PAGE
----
"An ICT Transformation Programme is in place to move the council's entire computing environment to an Agilisys cloud-based service which will see all legacy Windows XP removed along with Windows Server 2003 before Microsoft support for that product is removed in July next year."
3. London Borough of Sutton: 100 per cent of its estate
"IT security is one of our top priorities and we are upgrading the whole of our IT infrastructure to provide best practice protection against cyberthreats."
4. Royal Borough of Kingston: 100 per cent of its estate
Declined to comment
5. Bracknell Forest Council: 100 per cent of its estate
Declined to comment
6. St Albans City and District Council: 100 per cent of its estate
"We have in place a wide range of protective measures which provide us with a high degree of insulation from XP-related and other risks. For example, our software protection includes a suite of products that are supported by the manufacturer to run on the XP platform through to September 2015."
7. Bolton Metropolitan Borough Council: 99 per cent of its estate
"Bolton Council takes its responsibility to protect customer data held in our IT systems very seriously. We have been aware of the issue around XP and have been planning for this for some time, to ensure that we have mitigated any risk as a result of this."
8. Wirral Metropolitan Borough Council: 99 per cent of its estate
"We recognise the risk of delayed migration and are following government guidance to mitigate security risks and safeguard public and private data. Information governance is a key strand of this work and the council's Information Governance Board is monitoring the risk."
9. Lichfield District Council: 97 per cent of its estate
Declined to comment
10. Dorset County Council: 95 per cent of its estate
"Our Windows XP estate is in a controlled environment protected by multi-layered security and so the increased risk, in itself, to our data during the period between end of support for XP and the completion of our new desktop rollout is felt to be minimal."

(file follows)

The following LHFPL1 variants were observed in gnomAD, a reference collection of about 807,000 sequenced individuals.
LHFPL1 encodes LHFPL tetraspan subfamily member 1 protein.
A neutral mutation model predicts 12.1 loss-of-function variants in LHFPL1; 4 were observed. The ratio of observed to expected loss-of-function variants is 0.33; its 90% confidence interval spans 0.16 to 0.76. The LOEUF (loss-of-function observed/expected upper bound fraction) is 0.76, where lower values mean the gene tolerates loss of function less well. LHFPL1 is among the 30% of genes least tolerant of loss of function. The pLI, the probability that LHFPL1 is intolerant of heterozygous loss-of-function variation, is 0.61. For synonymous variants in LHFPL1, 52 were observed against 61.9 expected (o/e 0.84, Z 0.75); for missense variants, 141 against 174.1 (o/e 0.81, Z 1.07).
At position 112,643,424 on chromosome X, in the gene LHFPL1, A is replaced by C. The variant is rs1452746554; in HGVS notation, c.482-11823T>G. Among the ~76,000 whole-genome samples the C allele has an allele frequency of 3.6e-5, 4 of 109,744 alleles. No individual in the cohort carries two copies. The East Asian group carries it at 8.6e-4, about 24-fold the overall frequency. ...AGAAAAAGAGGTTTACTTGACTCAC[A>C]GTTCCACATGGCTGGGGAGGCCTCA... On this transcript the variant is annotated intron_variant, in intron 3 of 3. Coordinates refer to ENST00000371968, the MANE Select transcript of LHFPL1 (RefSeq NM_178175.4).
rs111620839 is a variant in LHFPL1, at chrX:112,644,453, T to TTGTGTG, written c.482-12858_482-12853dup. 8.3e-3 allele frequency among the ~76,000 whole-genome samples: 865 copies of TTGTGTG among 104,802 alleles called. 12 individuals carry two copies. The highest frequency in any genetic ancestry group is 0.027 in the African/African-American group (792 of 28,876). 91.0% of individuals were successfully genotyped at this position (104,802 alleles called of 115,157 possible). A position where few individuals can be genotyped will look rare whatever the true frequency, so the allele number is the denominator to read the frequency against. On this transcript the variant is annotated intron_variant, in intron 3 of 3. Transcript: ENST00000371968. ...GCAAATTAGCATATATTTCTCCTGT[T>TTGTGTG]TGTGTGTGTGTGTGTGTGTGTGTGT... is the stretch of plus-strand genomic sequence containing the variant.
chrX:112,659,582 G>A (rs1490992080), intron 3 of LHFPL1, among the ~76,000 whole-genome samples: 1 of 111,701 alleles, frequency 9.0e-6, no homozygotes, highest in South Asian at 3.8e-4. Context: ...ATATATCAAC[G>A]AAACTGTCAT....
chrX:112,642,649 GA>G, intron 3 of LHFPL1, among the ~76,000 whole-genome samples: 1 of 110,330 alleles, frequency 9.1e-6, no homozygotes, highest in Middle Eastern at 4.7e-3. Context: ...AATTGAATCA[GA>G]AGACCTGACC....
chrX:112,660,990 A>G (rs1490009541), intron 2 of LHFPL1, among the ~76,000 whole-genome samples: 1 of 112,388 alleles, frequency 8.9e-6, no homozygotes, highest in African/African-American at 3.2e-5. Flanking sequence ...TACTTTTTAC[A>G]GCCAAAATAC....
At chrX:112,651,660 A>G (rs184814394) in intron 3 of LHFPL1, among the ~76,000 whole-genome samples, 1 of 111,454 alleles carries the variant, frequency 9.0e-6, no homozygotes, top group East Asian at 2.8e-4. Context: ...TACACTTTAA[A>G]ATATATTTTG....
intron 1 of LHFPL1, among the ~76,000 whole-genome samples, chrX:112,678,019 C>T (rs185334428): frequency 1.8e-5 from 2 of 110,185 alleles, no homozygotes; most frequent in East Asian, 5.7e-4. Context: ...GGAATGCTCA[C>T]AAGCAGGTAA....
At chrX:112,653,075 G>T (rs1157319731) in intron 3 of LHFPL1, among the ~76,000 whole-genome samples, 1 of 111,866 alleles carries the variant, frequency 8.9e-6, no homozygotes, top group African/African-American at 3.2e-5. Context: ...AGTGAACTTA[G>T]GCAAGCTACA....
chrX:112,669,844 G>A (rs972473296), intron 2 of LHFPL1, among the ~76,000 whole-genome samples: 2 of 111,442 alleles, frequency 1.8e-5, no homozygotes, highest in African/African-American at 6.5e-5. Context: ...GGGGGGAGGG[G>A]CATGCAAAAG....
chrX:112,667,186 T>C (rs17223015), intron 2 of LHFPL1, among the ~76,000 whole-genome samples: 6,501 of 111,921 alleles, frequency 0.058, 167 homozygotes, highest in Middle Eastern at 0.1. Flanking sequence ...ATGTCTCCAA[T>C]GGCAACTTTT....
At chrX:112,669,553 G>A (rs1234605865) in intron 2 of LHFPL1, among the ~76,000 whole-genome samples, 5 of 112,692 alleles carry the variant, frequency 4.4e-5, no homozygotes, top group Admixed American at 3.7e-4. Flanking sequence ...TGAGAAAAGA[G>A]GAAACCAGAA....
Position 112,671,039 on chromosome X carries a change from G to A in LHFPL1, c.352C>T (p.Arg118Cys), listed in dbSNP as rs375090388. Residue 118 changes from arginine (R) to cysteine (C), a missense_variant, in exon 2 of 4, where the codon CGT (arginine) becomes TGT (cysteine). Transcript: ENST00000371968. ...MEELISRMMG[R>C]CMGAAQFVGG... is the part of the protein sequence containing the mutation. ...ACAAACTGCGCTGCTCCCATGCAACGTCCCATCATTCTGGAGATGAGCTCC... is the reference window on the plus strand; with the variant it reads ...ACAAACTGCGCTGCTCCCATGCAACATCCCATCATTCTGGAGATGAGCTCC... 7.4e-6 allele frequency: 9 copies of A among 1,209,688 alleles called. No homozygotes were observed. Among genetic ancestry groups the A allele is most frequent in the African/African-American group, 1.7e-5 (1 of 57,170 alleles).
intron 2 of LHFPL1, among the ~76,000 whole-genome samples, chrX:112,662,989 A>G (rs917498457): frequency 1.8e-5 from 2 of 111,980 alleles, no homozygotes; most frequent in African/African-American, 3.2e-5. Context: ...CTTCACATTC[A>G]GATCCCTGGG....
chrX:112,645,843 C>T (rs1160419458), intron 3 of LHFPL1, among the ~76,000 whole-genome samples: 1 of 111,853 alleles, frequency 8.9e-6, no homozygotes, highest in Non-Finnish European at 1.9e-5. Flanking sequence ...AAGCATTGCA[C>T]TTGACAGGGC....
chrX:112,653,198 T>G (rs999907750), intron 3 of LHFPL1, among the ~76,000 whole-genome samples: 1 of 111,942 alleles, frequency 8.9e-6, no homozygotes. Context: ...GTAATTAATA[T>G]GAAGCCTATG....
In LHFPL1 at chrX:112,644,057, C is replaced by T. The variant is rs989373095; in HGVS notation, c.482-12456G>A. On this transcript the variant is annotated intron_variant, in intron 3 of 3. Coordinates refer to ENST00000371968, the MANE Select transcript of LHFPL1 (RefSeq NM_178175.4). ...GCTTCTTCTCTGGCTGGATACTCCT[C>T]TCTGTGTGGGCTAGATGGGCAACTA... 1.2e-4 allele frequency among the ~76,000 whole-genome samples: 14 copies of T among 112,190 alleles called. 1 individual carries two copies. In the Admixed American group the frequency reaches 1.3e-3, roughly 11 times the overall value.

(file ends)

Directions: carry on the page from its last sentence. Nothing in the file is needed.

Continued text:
11. City of Westminster: 95 per cent of its estate
"The XP build is provided and supported under a 10-year contract with CapGemini which ends in November and is being transitioned to a new provider – BT.
"We realised some time ago that we could achieve significant efficiencies by running the upgrade from XP to Windows 7 concurrent with the transition to the new support provider. The savings this generates significantly outweigh the additional cost of Microsoft Premier support agreements to ensure critical security patches are available during the transition period."
12. London Borough of Croydon: 94 per cent of its estate
"We plan to purchase Microsoft extended XP support during the period of transition from XP to Windows 7."
13. London Borough of Southwark: 93 per cent of its estate
Declined to comment
14. Exeter City Council: 93 per cent of its estate
"We are aware of the perceived risks [and] we fully protect our network. We use appropriate systems and processes to protect our data."
15. Scottish Borders Council: 92 per cent of its estate
Declined to comment
16. Tunbridge Wells Borough Council: 92 per cent of its estate
‘Whilst Tunbridge Wells Borough Council uses Windows XP, it only does so to access thin-client applications on modern, centralised servers that do not run Windows XP.
"Internet connectivity including web browsing is not carried out using Windows XP."
17. St Helens Borough Council: 90 per cent of its estate
"We have the ability to access services and data via our Citrix virtualisation platform and not from the Windows XP operating system. We have in place a removable media lockdown policy.
"Following the notification that Microsoft is extending virus warnings for Windows XP to 2015, we have also received reassurances from Symantec that our end-point protection suite of products will still be supported during our transition programme."
18. East Cambridgeshire Council: 90 per cent of its estate
Declined to comment
19. Moray Council: 89 per cent of its estate
"The council is aware of the potential risks arising from the continued use of Windows XP beyond the end-of-support date. Migration to Windows 7 is regarded as one of the highest priority projects for the next financial year.
"The council has various controls in place to mitigate against the potential risks from viruses and malware via email and the internet, including a recently deployed encryption and port control solution to guard against the threat via removable media."
20. Hastings Borough Council: 85 per cent of its estate
"We are currently in the process of upgrading all of our machines to Windows 7, this will be completed early in the summer. We have multi-layered procedures and systems in place which we believe mitigate against risk."